Drizzle is a low latency execution engine for Apache Spark
that is targeted at stream processing and iterative workloads.
Currently, Spark uses a BSP computation model, and notifies the
scheduler at the end of each task. Invoking the scheduler at the end
of each task adds overheads and results in decreased throughput and
increased latency. In Drizzle, we introduce group scheduling, where
multiple batches (or a group) of computation are scheduled at once.
This helps decouple the granularity of task execution from scheduling
and amortize the costs of task serialization and launch. Our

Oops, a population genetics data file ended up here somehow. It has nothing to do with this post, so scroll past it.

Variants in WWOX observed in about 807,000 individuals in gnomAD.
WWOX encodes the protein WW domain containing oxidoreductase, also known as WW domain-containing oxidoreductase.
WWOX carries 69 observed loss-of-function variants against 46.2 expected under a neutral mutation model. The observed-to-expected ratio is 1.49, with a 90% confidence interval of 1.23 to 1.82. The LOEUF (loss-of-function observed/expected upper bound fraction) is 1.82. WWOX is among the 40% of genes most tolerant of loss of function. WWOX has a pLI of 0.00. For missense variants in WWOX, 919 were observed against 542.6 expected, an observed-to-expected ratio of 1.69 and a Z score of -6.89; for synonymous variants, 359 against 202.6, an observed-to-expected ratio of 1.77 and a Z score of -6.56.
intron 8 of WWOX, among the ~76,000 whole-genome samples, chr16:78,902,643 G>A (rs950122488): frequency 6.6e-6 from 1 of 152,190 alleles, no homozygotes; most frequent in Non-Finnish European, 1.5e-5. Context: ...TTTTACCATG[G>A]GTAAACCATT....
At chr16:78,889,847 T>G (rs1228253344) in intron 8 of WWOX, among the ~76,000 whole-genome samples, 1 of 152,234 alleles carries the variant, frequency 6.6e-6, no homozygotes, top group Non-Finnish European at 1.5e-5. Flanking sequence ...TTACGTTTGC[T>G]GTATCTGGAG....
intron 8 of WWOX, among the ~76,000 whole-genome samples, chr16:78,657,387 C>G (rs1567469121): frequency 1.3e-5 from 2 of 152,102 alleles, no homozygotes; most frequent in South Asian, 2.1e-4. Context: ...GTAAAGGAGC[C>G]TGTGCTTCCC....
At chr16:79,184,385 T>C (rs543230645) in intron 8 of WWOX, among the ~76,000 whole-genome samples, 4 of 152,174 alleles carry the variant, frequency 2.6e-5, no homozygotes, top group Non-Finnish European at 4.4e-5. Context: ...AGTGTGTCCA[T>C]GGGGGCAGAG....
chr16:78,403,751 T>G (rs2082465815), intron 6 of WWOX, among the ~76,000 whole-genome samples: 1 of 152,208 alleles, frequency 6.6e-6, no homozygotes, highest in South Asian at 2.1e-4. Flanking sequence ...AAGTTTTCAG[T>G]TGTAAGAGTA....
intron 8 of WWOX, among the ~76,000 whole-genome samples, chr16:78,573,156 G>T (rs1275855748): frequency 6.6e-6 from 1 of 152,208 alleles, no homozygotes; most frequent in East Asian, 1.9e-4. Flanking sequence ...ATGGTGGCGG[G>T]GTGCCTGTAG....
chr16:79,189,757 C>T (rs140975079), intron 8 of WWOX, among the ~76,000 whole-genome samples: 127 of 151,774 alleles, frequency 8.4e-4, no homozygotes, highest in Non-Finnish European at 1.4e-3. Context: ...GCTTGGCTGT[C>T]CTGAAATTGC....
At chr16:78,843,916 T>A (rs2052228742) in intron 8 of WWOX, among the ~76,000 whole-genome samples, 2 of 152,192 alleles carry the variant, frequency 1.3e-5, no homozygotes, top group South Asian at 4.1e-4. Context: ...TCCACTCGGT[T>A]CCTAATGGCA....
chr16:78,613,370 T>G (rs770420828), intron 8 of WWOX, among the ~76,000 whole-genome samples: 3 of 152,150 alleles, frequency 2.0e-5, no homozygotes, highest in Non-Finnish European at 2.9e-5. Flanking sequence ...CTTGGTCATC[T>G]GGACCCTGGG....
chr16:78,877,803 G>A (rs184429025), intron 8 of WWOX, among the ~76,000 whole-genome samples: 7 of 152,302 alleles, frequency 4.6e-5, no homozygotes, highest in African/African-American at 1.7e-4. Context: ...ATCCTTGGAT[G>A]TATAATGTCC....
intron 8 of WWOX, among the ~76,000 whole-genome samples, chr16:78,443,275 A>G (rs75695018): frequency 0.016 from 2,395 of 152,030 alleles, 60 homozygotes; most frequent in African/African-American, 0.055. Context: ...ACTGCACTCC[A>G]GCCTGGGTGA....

experiments on a 128 node EC2 cluster show that Drizzle can achieve
end-to-end streaming latencies of less than 100ms and can get up to
3.5x lower latency than Spark Streaming. Compared to Apache Flink, a
record-at-a-time streaming system, we show that Drizzle can recover
around 4x faster from failures and that Drizzle has up to 13x lower
latency during recovery.
Shivaram Venkataraman is a fifth year PhD student at the University of California, Berkeley and works with Mike Franklin and Ion Stoica at the AMP Lab. He is a committer on the Apache Spark project and his research interests are in designing systems for large scale machine-learning. Before coming to Berkeley, he completed his M.S at the University of Illinois, Urbana-Champaign and worked as a Software Engineer at Google.